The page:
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Chakaia Booker: Public Opinion

Aug 25, 2023

Chakaia Booker is a busy artist. On any given workday she paints, sculpts, and makes prints—seemingly all at the same time. Examples of all three media are crammed into the David Nolan Gallery for this astonishing show of work produced between 2002 and 2023 that clearly establishes Booker as one of the major artists of our time.

She is unique in that she is strictly hands-on no matter which kind of art she is producing. And that begins with gathering materials. The photo of Booker that greets viewers entering the Nolan gallery shows her in some obscure corner of Queens, perched on the coin box from an old pay phone, her left hand resting on a tire trophy she's plucked from the local detritus. Only her face is exposed. The rest of her is covered in clothing, some of which she makes herself, and jewelry, which she also makes. The tire she caresses with a thickly gloved hand is about to embark on a new life free of utilitarian trammels: it will become art.

Booker is the ultimate bricoleuse, a hunter-gatherer in a forest of discarded junk who possesses alchemical powers: she turns base matter into gold. Let's begin with one of her earlier works, Fluent (2002), a cast bronze sculpture (18 by 27 by 18 inches) First, we must look carefully at the piece to distinguish its dark patina from the black rubber tire works around it. We finally see the glint of bronze and realize this is a simulacrum. In other words, Booker has made a casting of one of her collage sculptures, causing it to pass through yet another stage of metamorphosis. It's a tangled mess, with the kind of tubing we associate with moonshine stills protruding here and there, with pipes and bronze imitations of tire slices. The shaggy surface in some areas recalls de Kooning's 1972 Clamdigger, while the entire work evokes John Chamberlain's crushed automobile collages. But these associations only help us ground Booker's work in the context of American art as it grows out of Abstract Expressionism. The word "gestural" always appears whenever Abstract Expressionism is mentioned, and Booker's piece is certainly gestural, but there is more here than meets the Ab Ex eye: a rhythm that carries that eye up, down, and around, a mad dance that emulates Booker's act of composing her art from trash. Horace could say his poems were more enduring than bronze, but Booker has made a bronze more enduring than the consuming society that provides her raw materials.

The two rubber tire pieces that dominate the southern room in the Nolan Gallery are Feeding Frenzy (2012) and Self Absorbed (2023). The first is the US flag constructed from rubber tires, steel, resin, and fiber, and yes it inevitably recalls Jasper Johns's flag paintings. Johns made more than forty flag paintings, but his first, from 1954–55, shows Booker's links to him: painting in encaustic over newspaper, the painting is a kind of collage that reveals rather than conceals its various layers. This concept of layering Booker renders opaque here by using racing tires to replicate the stripes in the flag with fifty stars screwed in place. The flag may be hung vertically as it is here or horizontally, but there is no ambiguity here (as there is in the case of Johns) about Booker's socio-political intentions: Black America Matters.

Self Absorbed steps back from social commentary to focus, as its title suggests, on itself. It may be comprehensible only to those who endured learning to write script using the Palmer Penmanship Method: "rest your wrist on the desk; let your index finger guide your fountain pen; now make a line of strokes slightly tilted to the right; now make a line of looped O's." At the bottom, of this horizontal wall piece (49 by 97 1/2 by 7 inches) a continuous series of loops in black rubber, above them, a row of vertical rectangles, strips like those on the flag piece, above that a tangle of folded tire strips in three sections: tangled masses framing vaguely circular folds. Above, vertical rectangular strips like those below. The piece recapitulates Booker's signature elements: the rhythmic loops and circles like dancers on a stage, the rectangular panels holding the dance together, and the frenzied tangle symbolic of Booker's unleashed energy brought into focus. This is a synthesis, an esthetic statement in artistic practice.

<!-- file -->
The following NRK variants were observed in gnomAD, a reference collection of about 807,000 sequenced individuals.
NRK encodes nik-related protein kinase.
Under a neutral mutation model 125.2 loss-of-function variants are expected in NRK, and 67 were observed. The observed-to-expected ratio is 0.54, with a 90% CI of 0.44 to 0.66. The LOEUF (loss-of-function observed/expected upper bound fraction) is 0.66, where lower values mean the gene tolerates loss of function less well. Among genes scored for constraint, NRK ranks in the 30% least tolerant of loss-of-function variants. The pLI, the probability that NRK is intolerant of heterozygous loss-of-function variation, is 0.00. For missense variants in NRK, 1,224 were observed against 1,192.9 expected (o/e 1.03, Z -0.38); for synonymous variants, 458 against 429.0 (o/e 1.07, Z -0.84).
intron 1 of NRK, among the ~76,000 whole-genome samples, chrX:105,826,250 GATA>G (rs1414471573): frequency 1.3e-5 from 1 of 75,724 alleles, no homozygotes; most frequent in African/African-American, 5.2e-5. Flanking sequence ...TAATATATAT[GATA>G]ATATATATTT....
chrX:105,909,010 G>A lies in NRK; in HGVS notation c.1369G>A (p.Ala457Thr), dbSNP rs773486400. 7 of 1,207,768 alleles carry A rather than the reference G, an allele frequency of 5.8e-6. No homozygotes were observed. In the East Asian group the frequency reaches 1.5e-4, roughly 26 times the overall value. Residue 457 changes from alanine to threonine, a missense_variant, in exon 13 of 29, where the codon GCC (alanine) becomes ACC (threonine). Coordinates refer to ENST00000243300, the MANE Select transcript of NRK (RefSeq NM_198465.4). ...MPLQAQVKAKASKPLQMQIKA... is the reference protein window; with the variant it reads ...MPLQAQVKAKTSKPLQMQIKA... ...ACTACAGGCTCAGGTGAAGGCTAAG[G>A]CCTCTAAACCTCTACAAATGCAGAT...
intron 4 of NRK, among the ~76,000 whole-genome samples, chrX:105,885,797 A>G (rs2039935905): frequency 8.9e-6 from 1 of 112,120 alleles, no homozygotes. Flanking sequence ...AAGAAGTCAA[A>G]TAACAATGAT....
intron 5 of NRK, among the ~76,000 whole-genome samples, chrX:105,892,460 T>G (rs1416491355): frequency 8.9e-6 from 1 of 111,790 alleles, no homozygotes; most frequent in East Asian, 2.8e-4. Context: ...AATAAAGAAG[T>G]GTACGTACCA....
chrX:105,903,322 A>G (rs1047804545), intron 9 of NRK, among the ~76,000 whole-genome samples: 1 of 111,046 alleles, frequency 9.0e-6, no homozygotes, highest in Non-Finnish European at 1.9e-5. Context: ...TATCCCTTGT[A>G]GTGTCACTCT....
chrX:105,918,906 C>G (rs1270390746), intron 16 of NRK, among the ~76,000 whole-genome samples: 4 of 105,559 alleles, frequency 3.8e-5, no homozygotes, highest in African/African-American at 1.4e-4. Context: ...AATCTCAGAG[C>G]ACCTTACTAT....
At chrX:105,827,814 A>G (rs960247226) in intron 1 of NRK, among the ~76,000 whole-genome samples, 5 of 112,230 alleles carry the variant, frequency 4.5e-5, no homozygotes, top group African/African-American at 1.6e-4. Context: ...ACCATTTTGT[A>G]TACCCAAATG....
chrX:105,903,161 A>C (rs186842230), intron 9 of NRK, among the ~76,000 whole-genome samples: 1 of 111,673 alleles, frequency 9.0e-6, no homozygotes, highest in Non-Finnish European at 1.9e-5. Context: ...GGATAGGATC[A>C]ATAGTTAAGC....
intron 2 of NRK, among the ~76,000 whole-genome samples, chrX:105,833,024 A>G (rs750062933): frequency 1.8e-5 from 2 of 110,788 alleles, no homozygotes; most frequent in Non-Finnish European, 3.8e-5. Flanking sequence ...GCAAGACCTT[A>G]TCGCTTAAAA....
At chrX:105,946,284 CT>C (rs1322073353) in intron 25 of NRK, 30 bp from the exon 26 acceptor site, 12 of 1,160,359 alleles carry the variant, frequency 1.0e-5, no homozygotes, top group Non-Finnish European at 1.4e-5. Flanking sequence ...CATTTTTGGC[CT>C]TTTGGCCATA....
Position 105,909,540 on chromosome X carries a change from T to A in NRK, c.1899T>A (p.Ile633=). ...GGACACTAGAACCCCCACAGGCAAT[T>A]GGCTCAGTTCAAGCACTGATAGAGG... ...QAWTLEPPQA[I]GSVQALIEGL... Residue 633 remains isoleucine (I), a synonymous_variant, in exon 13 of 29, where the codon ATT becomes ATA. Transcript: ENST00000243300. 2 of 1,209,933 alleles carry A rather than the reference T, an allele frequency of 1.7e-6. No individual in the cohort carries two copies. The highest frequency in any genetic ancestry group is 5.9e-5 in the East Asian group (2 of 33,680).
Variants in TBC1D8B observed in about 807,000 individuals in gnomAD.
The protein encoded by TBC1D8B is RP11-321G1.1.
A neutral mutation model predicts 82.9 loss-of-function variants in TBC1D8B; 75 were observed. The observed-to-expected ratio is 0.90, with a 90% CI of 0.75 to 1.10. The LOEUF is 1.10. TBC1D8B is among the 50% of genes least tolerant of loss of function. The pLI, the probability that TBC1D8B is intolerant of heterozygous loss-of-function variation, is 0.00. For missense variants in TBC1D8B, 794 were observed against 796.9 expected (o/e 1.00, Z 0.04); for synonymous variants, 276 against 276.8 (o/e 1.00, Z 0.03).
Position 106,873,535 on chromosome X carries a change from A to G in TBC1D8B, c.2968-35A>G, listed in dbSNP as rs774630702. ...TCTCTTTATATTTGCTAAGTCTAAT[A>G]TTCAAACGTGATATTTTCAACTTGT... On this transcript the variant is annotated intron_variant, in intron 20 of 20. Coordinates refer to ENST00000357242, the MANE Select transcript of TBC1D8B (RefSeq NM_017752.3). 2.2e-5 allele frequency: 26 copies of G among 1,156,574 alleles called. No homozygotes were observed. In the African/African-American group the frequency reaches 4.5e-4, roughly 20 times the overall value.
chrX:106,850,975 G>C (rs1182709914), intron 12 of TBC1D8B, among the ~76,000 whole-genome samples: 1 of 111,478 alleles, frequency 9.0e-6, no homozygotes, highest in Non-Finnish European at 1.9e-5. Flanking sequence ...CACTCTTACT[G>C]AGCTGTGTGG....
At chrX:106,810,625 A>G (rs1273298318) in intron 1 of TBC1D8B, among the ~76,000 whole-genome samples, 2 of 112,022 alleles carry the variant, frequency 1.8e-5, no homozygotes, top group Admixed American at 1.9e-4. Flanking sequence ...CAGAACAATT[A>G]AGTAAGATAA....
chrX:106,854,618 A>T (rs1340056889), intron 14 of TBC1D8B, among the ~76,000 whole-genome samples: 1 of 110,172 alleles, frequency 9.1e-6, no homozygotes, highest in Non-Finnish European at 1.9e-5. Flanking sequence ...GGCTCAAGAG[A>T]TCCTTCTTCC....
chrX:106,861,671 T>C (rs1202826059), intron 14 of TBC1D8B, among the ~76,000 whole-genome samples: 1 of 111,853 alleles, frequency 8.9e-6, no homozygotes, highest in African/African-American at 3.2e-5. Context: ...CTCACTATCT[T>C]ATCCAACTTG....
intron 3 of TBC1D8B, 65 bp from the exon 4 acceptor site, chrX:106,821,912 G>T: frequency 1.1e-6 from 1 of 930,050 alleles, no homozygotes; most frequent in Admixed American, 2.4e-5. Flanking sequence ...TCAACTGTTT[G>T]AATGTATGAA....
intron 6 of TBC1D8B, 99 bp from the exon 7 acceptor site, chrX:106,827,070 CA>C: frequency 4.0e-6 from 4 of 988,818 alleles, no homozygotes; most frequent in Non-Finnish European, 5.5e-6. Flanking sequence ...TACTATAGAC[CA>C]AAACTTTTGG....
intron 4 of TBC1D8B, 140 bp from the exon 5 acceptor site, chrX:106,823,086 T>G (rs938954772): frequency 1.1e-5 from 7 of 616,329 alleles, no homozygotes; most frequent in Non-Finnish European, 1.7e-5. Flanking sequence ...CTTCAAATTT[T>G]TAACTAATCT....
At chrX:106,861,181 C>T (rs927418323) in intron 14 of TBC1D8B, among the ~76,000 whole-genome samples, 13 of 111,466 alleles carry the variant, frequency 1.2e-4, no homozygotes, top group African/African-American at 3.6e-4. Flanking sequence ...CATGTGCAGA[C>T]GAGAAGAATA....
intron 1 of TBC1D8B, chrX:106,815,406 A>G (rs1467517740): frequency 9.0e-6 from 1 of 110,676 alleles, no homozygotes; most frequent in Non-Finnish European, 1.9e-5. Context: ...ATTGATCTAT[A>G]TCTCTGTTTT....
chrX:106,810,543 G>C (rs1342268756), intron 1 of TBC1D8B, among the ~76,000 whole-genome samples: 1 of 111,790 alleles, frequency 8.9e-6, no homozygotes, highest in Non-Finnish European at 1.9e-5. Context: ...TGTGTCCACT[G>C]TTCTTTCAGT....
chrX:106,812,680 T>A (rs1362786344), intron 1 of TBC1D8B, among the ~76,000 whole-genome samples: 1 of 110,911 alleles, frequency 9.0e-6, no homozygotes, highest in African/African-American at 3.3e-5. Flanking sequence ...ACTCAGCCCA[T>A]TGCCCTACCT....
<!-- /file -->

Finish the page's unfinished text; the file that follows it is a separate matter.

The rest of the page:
Moving north in the gallery, we pass in the corridor a series of woodcuts, lithographs, and Four Twenty One (2010), "mixed media, serigraph, digital print, 3 layers of Plexiglas, glass in artist's frame." A multiple so labor intensive that merely listing its ingredients is exhausting. But like her paintings and her other multiples this utterly complex work reflects Booker's obsession with piling surface onto surface, material onto material, to the point that only she can know what lies beneath.

The north room of the gallery and the contiguous gallery office are occupied by Manipulating Fractions (2004). A modular piece—dimensions variable—composed of rubber tire circles and horizontal supports, this work fills the room, stops, and then continues in the office next door. The ultimate in serial art construction, this piece plays with infinity: given enough time and material, Booker could make this into the Great Wall of China. The effect, especially in the Nolan townhouse space, is awe. We are locked in with the sculpture, living within it. The show is Chakaia Booker triumphant.

Alfred Mac Adam is Professor of Latin American literature at Barnard College-Columbia University. He is a translator, most recently of Juan Villoro's Horizontal Vertigo (2021), about Mexico City.

David Nolan Gallery Alfred Mac Adam